• Read the following passage and mark the letter A, B, C or D on your answer sheet to indicate the correct answer to each of the questions from 43 to 50.

    Henry is the undisputed star of Dronfield School near Sheffield. Whatever the achievements of other members of the comprehensive school, it is Henry, with his soulful eyes and glossy hair, who has hogged the limelight, appearing on television in Britain and abroad. Yet despite all the public adulation, Henry stirs up no envy or resentment among 2000 students – in fact, they all adore him. The dog, who first arrived six months ago, is a super dog, who has improved students’ behaviour and encouraged more students to focus on their academic achievement.

    Adrew Wainwright, a student at Dronfield School, says there is something magical and calming about being able to interact with Henry during his time at the school’s catch-up classes, and that if he falls behind, that opportunity will be denied. Even doubting staff have finally been won round. Perhaps that is because Henry, who lies on the floor during staff meetings, has also had a calming effect on them.

    It was Andrew’s teacher, Wendy Brown and the school counsellor, Julie Smart, who first proposed buying a school dog. “Julie and I were talking one day about how looking after dogs can positively affect children’s conduct,” say Brown. “We did some research and discovered that the presence of pets has been shown to be therapeutic. A number of studies have shown that animals improve recovery after surgery or illness and have a calming influence on people in a lot of settings. Some of my kids can be a handful and some of the children Julie coursels have terrible problems.”

    Could the school dog become a craze? Other schools such as the Mulberry Bush, a primary school for children with behavioural problems, have stepped forward to point out they already have one. Rosie Johnston, a Mulberry staff member has been bringing her golden retriever, Muskoka, into school for three years. Apart from being a calming influence, Muskoka even plays his part in literacy lessons. Children at the school can be too shy to read to adults so they read to Muskoka. “Their anxiety about mispronouncing something or getting the words in the wrong oder is reduced when they read to him,” says Johnston.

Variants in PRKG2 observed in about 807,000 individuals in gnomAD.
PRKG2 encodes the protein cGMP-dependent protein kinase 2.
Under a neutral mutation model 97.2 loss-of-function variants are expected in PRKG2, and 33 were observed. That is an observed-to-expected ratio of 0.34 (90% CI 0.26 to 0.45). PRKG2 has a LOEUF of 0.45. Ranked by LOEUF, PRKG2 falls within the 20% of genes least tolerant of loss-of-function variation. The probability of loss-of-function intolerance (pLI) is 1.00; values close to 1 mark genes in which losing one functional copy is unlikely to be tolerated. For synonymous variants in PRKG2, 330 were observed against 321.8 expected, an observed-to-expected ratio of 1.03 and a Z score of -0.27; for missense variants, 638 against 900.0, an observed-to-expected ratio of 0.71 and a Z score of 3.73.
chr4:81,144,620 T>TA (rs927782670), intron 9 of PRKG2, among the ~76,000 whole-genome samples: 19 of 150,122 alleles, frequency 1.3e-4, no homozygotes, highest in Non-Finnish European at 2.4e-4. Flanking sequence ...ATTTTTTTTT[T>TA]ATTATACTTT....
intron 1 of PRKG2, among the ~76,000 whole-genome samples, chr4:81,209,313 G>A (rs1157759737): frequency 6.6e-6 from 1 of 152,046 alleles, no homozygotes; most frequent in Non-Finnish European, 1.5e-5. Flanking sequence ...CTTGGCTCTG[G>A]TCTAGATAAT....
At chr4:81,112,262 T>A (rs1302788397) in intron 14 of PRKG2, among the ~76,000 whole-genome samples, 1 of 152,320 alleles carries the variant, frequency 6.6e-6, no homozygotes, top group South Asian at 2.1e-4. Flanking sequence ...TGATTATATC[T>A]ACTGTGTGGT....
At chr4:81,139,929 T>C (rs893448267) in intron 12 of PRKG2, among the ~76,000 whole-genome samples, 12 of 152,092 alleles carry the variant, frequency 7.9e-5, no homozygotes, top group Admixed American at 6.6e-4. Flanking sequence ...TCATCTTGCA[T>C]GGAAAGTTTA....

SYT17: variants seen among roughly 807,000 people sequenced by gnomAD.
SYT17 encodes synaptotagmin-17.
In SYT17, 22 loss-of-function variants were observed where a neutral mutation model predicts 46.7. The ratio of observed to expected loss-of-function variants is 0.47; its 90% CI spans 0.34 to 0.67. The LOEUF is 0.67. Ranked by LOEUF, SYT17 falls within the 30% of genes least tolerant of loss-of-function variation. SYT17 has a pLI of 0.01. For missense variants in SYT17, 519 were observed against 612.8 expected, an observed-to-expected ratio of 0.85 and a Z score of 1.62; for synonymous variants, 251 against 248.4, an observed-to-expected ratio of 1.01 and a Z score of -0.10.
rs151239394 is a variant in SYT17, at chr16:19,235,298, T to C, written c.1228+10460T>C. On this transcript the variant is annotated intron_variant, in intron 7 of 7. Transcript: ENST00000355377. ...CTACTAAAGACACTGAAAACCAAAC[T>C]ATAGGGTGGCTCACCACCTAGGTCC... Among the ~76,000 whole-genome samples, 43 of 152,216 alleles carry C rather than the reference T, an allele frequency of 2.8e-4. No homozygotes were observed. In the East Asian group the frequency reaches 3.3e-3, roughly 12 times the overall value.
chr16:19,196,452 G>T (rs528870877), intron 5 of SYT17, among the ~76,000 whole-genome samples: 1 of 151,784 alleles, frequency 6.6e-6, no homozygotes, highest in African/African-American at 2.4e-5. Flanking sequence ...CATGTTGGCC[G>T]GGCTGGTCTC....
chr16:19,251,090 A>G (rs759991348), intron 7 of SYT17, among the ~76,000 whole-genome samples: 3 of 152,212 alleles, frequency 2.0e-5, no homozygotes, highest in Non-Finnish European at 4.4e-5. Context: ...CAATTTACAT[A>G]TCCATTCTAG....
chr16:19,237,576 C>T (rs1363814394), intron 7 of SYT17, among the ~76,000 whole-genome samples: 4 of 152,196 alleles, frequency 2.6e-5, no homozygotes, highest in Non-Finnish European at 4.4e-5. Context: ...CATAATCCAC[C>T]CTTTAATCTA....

Psychologist Dr Deborad Wells from Queen’s University Belfast specialises in animal-human interaction. She believes that underlying key to the Henry effect is that dogs offer unconditional loeve and that cheers up adults and children and helps with self-esteem. But traditionalist Chris Woodhead, the former chief inspector of schools says. “I don’t see why a teacher cannot create a positive learning environment through the subject they teach and their personality. Dogs strike me as a bit of a publicity stunt. It’s kind of sentimetal story journalists love.” Despite this sentiment, Henry remains as popular as ever.

    Câu hỏi:

    Which of the followinng best serves as the title for the passage?

    • A. Having School Dogs: Pros and Cons
    • B. Henry – a Super Dog in Dronfield School
    • C. School Dogs: Useful Classroom Assistants
    • D. Keeping School Dogs –a Prevalent Trend

    Lời giải tham khảo:

    Đáp án đúng: C


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